Not only can this help you in quickly getting up to speed on your research topic, but it can also result in a publishable review paper! Using simple, free software and the Web of Science, bibliometric methods allow us to (1) examine citation indices to identify the essential documents in a particular field and (2) generate a visual network map of how individual publications cluster and relate to one another. The purpose of this workshop is to provide you with an introduction to the various bibliometric methods (e.g., histography, co-citation analysis, and bibliometric coupling). We will review the logic and objectives of bibliometric methods, demonstrate how to use the free software, and help you understand how to interpret the network maps. With the tool of bibliometric methods at your disposal, you will be well-positioned to understand the ongoing narrative within a field of study and craft an innovative, data-driven review paper.

This workshop is for anyone interested in upgrading their ability to understand a particular field of research. Additionally, the workshop is highly recommended for PhD students, who will be aided in learning a valuable tool in assisting their review paper portfolio requirement.

Questions regarding this workshop may be addressed to becky.reichard@cgu.edu

Wednesday, August 24

Survey Research Methods
Jason T. Siegel

Jason Siegel

Dr. Jason Siegel has given his survey writing workshop to large organizations such as NBC TV/Universal and the American Evaluation Association, as well as smaller ones such as Gutcheckit.com and the Energy Center of Wisconsin. He has served as a survey consultant for organizations such as the Bill and Melinda Gates Foundation and the U.S. Department of Labor. His workshop is now going virtual.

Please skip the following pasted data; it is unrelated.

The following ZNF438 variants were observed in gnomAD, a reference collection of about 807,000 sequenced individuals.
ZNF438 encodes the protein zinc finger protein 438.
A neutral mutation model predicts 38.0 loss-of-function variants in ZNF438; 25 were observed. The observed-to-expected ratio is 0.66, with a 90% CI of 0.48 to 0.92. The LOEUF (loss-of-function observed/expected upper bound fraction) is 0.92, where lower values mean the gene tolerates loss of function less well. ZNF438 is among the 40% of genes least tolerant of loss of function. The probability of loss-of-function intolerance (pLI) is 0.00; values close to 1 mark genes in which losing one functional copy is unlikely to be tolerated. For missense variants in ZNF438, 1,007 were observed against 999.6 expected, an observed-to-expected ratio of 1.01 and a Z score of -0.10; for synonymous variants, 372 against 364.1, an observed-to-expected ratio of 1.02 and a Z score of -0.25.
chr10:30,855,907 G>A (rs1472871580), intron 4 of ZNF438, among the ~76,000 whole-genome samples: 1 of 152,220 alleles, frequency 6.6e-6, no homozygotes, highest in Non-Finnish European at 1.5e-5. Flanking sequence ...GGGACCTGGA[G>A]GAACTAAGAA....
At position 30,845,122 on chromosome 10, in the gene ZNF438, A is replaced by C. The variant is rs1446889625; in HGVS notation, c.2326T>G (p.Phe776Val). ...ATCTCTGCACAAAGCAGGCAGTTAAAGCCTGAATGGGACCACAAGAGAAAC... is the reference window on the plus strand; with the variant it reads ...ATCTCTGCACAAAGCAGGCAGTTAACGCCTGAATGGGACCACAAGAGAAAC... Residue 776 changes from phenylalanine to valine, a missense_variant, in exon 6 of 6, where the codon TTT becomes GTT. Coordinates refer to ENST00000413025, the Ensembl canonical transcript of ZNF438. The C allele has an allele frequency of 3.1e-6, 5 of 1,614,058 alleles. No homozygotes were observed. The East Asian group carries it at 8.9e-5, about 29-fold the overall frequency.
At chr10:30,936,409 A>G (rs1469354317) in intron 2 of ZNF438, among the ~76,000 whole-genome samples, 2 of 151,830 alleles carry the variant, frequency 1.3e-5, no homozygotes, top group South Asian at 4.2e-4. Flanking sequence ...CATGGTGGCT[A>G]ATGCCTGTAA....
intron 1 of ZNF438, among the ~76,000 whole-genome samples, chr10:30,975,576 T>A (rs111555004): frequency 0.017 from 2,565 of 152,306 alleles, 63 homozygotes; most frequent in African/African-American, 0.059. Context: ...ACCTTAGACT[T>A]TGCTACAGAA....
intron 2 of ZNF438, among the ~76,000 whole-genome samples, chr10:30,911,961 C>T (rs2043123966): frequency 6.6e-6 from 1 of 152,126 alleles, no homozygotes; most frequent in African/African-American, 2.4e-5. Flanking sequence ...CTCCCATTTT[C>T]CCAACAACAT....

Developing surveys is like taking wedding pictures. Everyone thinks it is easy, but it takes an experienced professional to do it right. Creating an effective survey requires a complete understanding of the impact that item wording, question order, and survey design can have on a research effort. Only through adequate training can a good survey be discriminated from the bad.

Dr. Siegel’s one-day workshop will cover all basics of writing and ordering survey items. This workshop will teach you how to create surveys in a way that minimizes error and maximizes the validity of your data. Additionally, the workshop will discuss why it is important to increase respondents’ motivation to provide accurate answers and how easy it is to accidentally de-motive your respondent. Once the workshop is over, you will never look at a survey the same way again.

Questions regarding this workshop may be addressed to jason.siegel@cgu.edu.

Thursday, August 25

Social Network Analysis
Wallace Chipidza

Wallace-Chipidza

This workshop explores social network analysis – a suite of methods for describing, visualizing, and modeling networks of relationships. The workshop has both theoretical and hands-on components. We first present an overview of key concepts in network science and their potential applications. We then explore network data collection, preparation, and visualization. We proceed to investigate networks with respect to i) centrality i.e., asking who occupies positions of prominence within a given network and ii) community detection, i.e., identifying densely connected regions of the network. The workshop emphasizes applications of SNA to social science and evaluation.

Questions regarding this workshop may be addressed to wallace.chipidza@cgu.edu

Contact Us

Claremont Evaluation Center

Claremont Graduate University
175 E. 12th Street
Claremont, CA 91711
lakshmi-krishna-sahiti.bhaskara@cgu.edu